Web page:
Mark Edmondson-Jones

Learn More
OBJECTIVE We explored the relationship between audiogram shape and tinnitus pitch to answer questions arising from neurophysiological models of tinnitus: 'Is the dominant tinnitus pitch associated with the edge of hearing loss?' and 'Is such a relationship more robust in people with narrow tinnitus bandwidth or steep sloping hearing loss?' DESIGN A(More)
BACKGROUND Previous research has suggested that a substantial proportion of the population are severely affected by tinnitus, however recent population data are lacking. Furthermore, there is growing evidence that the perception of severity is closely related to personality factors such as neuroticism. OBJECTIVE In a subset (N=172,621) of a large(More)
OBJECTIVE Clinical studies indicate increased risk for depression and anxiety among tinnitus patients. However population data are scarce, and no studies have controlled for neuroticism. We examined associations between tinnitus and symptoms of depression and anxiety in a large UK population, controlling for neuroticism, to explore whether neuroticism, as(More)
Hearing loss is associated with poor cognitive performance and incident dementia and may contribute to cognitive decline. Treating hearing loss with hearing aids may ameliorate cognitive decline. The purpose of this study was to test whether use of hearing aids was associated with better cognitive performance, and if this relationship was mediated via(More)
BACKGROUND Healthy hearing depends on sensitive ears and adequate brain processing. Essential aspects of both hearing and cognition decline with advancing age, but it is largely unknown how one influences the other. The current standard measure of hearing, the pure-tone audiogram is not very cognitively demanding and does not predict well the most important(More)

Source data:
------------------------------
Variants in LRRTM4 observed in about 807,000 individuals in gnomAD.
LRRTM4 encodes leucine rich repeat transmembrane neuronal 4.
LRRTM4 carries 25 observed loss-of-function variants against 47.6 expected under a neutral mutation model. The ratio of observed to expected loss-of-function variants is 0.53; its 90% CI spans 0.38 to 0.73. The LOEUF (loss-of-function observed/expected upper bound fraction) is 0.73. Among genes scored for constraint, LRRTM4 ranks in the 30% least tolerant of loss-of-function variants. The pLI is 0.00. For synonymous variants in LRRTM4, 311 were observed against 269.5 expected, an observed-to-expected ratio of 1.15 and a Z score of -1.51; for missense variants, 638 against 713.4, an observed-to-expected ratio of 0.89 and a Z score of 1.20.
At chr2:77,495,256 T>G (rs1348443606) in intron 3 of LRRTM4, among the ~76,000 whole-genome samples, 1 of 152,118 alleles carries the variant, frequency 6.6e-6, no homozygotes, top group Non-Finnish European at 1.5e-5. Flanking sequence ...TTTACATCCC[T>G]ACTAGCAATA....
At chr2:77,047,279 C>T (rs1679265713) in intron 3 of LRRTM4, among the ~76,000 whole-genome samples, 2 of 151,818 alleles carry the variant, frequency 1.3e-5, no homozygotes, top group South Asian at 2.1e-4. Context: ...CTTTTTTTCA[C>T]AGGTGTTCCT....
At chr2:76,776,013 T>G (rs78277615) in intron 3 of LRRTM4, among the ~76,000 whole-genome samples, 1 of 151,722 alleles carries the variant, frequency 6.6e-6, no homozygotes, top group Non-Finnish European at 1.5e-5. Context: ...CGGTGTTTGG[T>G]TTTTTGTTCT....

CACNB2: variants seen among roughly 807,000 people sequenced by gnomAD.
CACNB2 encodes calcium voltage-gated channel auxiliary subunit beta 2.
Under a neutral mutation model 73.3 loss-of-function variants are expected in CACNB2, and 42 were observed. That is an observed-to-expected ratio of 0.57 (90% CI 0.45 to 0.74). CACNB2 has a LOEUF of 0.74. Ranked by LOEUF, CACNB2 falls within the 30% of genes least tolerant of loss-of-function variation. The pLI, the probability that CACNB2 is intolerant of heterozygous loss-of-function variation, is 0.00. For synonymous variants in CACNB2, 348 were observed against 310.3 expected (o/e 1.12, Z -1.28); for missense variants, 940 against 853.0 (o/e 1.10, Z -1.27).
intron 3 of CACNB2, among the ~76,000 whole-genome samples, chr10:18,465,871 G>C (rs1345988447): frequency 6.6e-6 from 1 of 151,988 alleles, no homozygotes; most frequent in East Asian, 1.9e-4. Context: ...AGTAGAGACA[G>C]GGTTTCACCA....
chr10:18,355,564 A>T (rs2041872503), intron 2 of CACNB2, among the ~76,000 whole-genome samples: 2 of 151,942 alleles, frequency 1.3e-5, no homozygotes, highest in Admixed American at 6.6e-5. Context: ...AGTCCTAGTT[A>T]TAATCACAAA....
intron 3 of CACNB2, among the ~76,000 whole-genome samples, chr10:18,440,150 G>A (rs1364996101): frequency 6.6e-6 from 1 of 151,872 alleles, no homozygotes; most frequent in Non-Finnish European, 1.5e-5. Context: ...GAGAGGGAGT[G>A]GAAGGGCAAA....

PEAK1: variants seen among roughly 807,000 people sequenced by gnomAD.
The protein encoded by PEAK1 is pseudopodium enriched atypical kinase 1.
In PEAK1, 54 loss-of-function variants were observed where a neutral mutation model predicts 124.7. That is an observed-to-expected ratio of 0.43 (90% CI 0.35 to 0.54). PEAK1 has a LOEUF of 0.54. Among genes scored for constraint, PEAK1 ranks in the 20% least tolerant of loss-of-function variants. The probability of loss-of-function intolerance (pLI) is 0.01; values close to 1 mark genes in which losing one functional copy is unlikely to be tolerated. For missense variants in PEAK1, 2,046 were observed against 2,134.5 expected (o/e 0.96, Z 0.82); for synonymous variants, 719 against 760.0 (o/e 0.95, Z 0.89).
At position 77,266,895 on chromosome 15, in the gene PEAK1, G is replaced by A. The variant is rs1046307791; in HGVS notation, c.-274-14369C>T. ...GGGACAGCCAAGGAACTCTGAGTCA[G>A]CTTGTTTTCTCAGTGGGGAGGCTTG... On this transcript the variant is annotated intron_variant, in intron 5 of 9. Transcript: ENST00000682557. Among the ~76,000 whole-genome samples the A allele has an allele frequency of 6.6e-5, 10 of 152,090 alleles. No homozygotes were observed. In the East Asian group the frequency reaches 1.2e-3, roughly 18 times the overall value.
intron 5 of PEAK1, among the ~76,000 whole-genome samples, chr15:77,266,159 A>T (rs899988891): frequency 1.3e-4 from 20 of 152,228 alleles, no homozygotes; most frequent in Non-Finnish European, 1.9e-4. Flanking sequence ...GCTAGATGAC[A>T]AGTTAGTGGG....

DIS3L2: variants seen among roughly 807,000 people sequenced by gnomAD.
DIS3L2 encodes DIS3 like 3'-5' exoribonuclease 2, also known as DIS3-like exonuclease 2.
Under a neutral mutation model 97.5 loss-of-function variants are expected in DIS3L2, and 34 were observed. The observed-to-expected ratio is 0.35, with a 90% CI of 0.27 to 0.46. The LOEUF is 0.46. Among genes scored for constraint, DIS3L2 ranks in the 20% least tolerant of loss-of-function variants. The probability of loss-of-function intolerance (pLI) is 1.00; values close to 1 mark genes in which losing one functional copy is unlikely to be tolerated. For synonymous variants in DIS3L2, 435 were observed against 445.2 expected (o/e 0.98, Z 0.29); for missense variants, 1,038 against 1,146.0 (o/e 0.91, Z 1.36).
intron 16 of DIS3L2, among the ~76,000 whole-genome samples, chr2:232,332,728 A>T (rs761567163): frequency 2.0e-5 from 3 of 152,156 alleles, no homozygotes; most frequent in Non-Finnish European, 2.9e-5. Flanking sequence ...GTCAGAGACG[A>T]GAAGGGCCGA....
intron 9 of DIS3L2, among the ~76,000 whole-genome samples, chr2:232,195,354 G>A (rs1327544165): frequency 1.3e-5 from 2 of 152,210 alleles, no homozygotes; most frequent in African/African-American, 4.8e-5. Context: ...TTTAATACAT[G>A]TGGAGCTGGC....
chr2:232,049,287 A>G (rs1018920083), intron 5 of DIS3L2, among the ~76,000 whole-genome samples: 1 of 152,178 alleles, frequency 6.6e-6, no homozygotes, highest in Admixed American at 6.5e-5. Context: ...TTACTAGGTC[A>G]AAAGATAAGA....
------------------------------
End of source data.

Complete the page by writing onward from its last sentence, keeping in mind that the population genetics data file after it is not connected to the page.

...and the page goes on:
The ability to reproducibly match tinnitus loudness and pitch is important to research and clinical management. Here we examine agreement and reliability of tinnitus loudness matching and pitch likeness ratings when using a computer-based method to measure the tinnitus spectrum and estimate a dominant tinnitus pitch, using tonal or narrowband sounds. Group(More)
Some forms of tinnitus are likely to be perceptual consequences of altered neural activity in the central auditory system triggered by damage to the auditory periphery. Animal studies report changes in the evoked responses after noise exposure or ototoxic drugs in inferior colliculus and auditory cortex. However, human electrophysiological evidence is(More)
OBJECTIVE The impact of dietary factors on tinnitus has received limited research attention, despite being a considerable concern among people with tinnitus and clinicians. The objective was to examine the link between dietary factors and presence and severity of tinnitus. DESIGN This study used the UK Biobank resource, a large cross-sectional study of(More)
INTRODUCTION There is no standard diagnostic criterion for tinnitus, although some clinical assessment instruments do exist for identifying patient complaints. Within epidemiological studies the presence of tinnitus is determined primarily by self-report, typically in response to a single question. Using these methods prevalence figures vary widely. Given(More)
We re-examined a modified emotional Stroop task that included an additional colour-word alongside the emotional word, providing the response conflict of the traditional Stroop task. Negative emotionally salient (i.e. unpleasant') words are claimed to capture attention, producing a smaller Stroop effect for negative words compared to neutral words; this(More)